Holland was sleeping like the
dead with the same boring dreams playing on repeat in his mind when
his 4-year-old great dane, Luna, began scratching vigorously at his
door like she'd attained a racoon's bite and a case of rabies. She
wasn't very much the type of dog that liked to howl its mouth off
until its throat hurt (she wasn't a husky or a chihuahua, that was
for sure), and with her big paws slamming against the doorframe,
Holland was shaken awake within a couple of minutes, clueless to why
his parents weren't attending to her already.
"What do you want?" he
grumbled angrily, lifting his head off his deflated pillow to see
that the door was shaking, trembling on its hinges like never before,
and it looked as if it might collapse at any moment. Dread coiled in
the boy's stomach like a snake slithering through his intestines.
"Luna, quit it!" he
yelled from the shelter of his blankets. How were his parents not
hearing this? They were both light sleepers, and his younger brother
Dylan would have been rolling in his own screeches and shrieks of
anger that he'd been awoken. Dylan was 11, though to the other
members of the Berryman family, he'd never grown out of his terrible
Finally, he clambered from the
safe haven of his sheets and ratty stuffies his aunts endlessly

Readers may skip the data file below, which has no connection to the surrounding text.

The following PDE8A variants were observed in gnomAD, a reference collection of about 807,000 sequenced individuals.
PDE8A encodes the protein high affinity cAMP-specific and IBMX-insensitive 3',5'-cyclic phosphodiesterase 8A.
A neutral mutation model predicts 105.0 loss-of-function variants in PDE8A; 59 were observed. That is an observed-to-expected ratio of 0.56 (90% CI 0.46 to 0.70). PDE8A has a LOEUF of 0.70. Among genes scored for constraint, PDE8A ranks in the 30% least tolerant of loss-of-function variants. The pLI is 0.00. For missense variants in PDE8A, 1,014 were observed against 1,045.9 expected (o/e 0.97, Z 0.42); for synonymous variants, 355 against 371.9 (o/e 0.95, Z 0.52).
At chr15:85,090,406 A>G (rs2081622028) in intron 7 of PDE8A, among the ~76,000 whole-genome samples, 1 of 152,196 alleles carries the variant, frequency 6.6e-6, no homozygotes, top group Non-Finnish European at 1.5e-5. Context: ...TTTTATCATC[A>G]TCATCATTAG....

gifted him despite his hatred for them and hobbled to the door. He'd
busted his knee sliding in a baseball game the previous Friday, and
it still hurt like hell as he crossed the creaking floorboards to see
what had spooked his girl. They'd had her since she was 3 months old,
just a little puppy, but now she was taller than his hip and towered
over his head when standing; So, the average size of a great dane
compared to an under-average-heighted 13 year old boy.
He feared opening the door; What
if her paws swiped down on him and left free space for stitches? His
parents had blown so much money on a recent trip to Disney World in
Orlando, Florida, and he didn't want them whining in his ear about
When he finally mustered up the
courage to pull open the white-painted door, Luna barked in fear
before settling when she realized it was only him. "What is it,
girl? The fuck's goin' on?" he asked as if she could answer,
crouching before her and petting her back. Luna stuck her tongue out
at him before trotting down the stairs, the rickety wooden platforms
crying out for help underneath her weight. Holland hurried after her,
still half-asleep, mumbling about how annoying she could be.
"Luna, wait." But she
didn't; Luna didn't wait as she slid across the kitchen tiles and
began ramming her head against the screen door that led to their
backyard. "Hey! Luna!" Immediately the netting broke, and
as Holland watched in horror, Luna threw herself down the steps and
into the darkness, pounding toward the forest beyond their fence and
disappearing between trees that seemed like giants looming over him,
intensifying his fear. He swallowed his dread, blinded by his love
for his best buddy, and threw on flip flops, snatching a flashlight
from the kitchen counter before following suit.
"Luna? Luna! Luna!" he